Paul Scully joins DCMS BGC

DCMS Select Committee to probe state of UK gambling regulation

The cross-party DCMS Select Committee will conduct an inquiry into existing British gambling regulation, ahead of the Gambling Act review White Paper judgement.

Areas of focus for the group will include the government’s progress on addressing gambling-related issues raised by parliament, how regulation can keep up with innovations in online gambling and the relationship between betting, sports and broadcasting.

The Committee noted that the review of the 2005 Gambling Act ‘concluded last year’ and that a White Paper on reforms is ‘expected to be published shortly’. Earlier this month Gambling Minister Paul Scully emphasised that the government’s spotlight on gambling would not dim after the review.

DCMS Committee member Julie Elliott MP, of the Labour Party, said: “Gambling acts as an enjoyable pastime for large numbers of players, but regulation is struggling to keep pace with the rapidly changing way in which it happens today. 

“This puts people at risk of the devastating harm it can sometimes cause to lives. The DCMS Committee’s inquiry will look at the scale of gambling-related harm in the UK, what the Government should do about it and how a regulatory regime can best adapt to new forms of online gambling, based both in and outside the UK.”

Taking aim at the track record of the UK’s two key authorities on gambling, the Committee stated that the DCMS Department and the UK Gambling Commission have both faced criticism ‘for their approach’.

For example, the UKGC faced backlash in 2021 in the aftermath of the Football Index collapse, whilst the DCMS has faced questioning on its policy on video game loot boxes.

Additionally, the Committee has noted that the Public Accounts Committee, National Audit Office and a House of Lords Committee have all called for more action to prevent problem gambling.

In support of its inquiry, the DCMS Committee has called for evidence, with a deadline of 10 February – meaning submissions could occur after the White Paper publication – revolving around five areas.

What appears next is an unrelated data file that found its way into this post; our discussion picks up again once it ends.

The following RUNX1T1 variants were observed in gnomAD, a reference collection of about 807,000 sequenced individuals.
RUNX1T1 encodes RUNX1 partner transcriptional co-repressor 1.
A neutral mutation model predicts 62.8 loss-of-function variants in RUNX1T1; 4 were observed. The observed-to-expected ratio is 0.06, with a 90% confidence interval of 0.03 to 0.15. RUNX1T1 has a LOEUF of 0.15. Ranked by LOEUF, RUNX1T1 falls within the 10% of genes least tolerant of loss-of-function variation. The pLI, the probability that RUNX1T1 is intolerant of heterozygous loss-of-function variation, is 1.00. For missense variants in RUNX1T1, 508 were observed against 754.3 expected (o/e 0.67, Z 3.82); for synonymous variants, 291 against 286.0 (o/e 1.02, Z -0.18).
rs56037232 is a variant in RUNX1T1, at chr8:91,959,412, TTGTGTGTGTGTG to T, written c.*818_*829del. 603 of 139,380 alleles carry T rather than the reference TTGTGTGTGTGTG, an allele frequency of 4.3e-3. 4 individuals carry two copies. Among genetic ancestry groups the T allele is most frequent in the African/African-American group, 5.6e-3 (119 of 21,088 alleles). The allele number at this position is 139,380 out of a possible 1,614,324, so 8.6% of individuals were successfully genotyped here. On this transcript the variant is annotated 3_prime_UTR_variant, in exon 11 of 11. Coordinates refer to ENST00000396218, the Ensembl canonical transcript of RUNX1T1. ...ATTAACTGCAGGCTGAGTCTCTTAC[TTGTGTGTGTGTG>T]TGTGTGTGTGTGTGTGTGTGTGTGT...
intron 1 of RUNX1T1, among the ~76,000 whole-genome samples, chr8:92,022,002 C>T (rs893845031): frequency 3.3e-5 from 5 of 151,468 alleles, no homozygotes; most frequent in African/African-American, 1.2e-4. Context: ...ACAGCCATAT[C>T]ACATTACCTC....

These are the scale of UK gambling-related harm, the key priorities of the White paper, how broad the term ‘gambling’ should be, whether it is possible for regulators to stay ahead of regulation, and what additional problems arise when operators are based outside the UK.

Responding to the inquiry, the Betting and Gaming Council (BGC), which represents 90% of regulated UK operators, and its Chief Executive, Michael Dugher, were welcoming of the news.

“As the standards body for much of the regulated industry, we strongly welcome this inquiry announced today as a further opportunity for the regulated sector to show our continued commitment to raising standards in safer gambling,” Dugher remarked.

“I am sure that the Committee’s inquiry, like the Government’s Gambling Review, will be genuinely ‘evidence-led’ and has to strike a careful balance in making recommendations that are about protecting the vulnerable, whilst not unfairly impacting on the millions of customers who bet perfectly safely and responsibly.”

The BGC reiterated its long-held argument that the regulated UK betting sector contributes £7.1bn in total Gross Value Added to the UK economy and £4.2bn to the Treasury in taxes annually, whilst supporting 110,000 jobs.

However, the trade and standards body called on MPs to ‘be mindful’ of the black market threat, pointing to other European countries which introduced ‘tough sanctions’ such as stake restrictions, blanket affordability checks and curbs on advertising.

Using Norway as an example, the BGC cited figures showing that the black market now accounts for 66% of all money staked in the country following strict regulations, with other case studies including France at 57% and Italy at 23%.

Dugher continued: “Problem gambling may be low by international standards at 0.3%, but one problem gambler is one too many. So we look forward to hearing from the Committee about what more can be done. 

“We must also ensure that they do not drive people to the unsafe, unregulated black market online, where there aren’t any safeguards to protect vulnerable people.

“On behalf of over 110,000 people whose jobs depend on the regulated betting and gaming industry, we also look forward to setting out the contribution our industry makes to the UK economy and our commitment to further investment.”SBC News DCMS Select Committee to probe state of UK gambling regulation

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